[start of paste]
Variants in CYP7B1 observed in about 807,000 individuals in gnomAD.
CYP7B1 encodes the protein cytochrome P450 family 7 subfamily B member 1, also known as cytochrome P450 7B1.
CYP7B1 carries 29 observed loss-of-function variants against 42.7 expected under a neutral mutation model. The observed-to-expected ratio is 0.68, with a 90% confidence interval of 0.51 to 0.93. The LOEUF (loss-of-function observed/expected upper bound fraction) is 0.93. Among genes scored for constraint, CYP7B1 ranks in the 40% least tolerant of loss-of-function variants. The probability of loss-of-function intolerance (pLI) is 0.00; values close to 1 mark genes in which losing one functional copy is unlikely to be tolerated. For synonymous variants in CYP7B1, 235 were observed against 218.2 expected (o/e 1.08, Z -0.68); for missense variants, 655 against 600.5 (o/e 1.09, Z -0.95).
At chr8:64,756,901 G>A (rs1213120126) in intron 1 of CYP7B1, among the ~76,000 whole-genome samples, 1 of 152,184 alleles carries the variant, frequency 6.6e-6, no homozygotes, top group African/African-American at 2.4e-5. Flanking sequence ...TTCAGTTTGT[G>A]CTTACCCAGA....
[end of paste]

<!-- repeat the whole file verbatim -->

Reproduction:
Variants in CYP7B1 observed in about 807,000 individuals in gnomAD.
CYP7B1 encodes the protein cytochrome P450 family 7 subfamily B member 1, also known as cytochrome P450 7B1.
CYP7B1 carries 29 observed loss-of-function variants against 42.7 expected under a neutral mutation model. The observed-to-expected ratio is 0.68, with a 90% confidence interval of 0.51 to 0.93. The LOEUF (loss-of-function observed/expected upper bound fraction) is 0.93. Among genes scored for constraint, CYP7B1 ranks in the 40% least tolerant of loss-of-function variants. The probability of loss-of-function intolerance (pLI) is 0.00; values close to 1 mark genes in which losing one functional copy is unlikely to be tolerated. For synonymous variants in CYP7B1, 235 were observed against 218.2 expected (o/e 1.08, Z -0.68); for missense variants, 655 against 600.5 (o/e 1.09, Z -0.95).
At chr8:64,756,901 G>A (rs1213120126) in intron 1 of CYP7B1, among the ~76,000 whole-genome samples, 1 of 152,184 alleles carries the variant, frequency 6.6e-6, no homozygotes, top group African/African-American at 2.4e-5. Flanking sequence ...TTCAGTTTGT[G>A]CTTACCCAGA....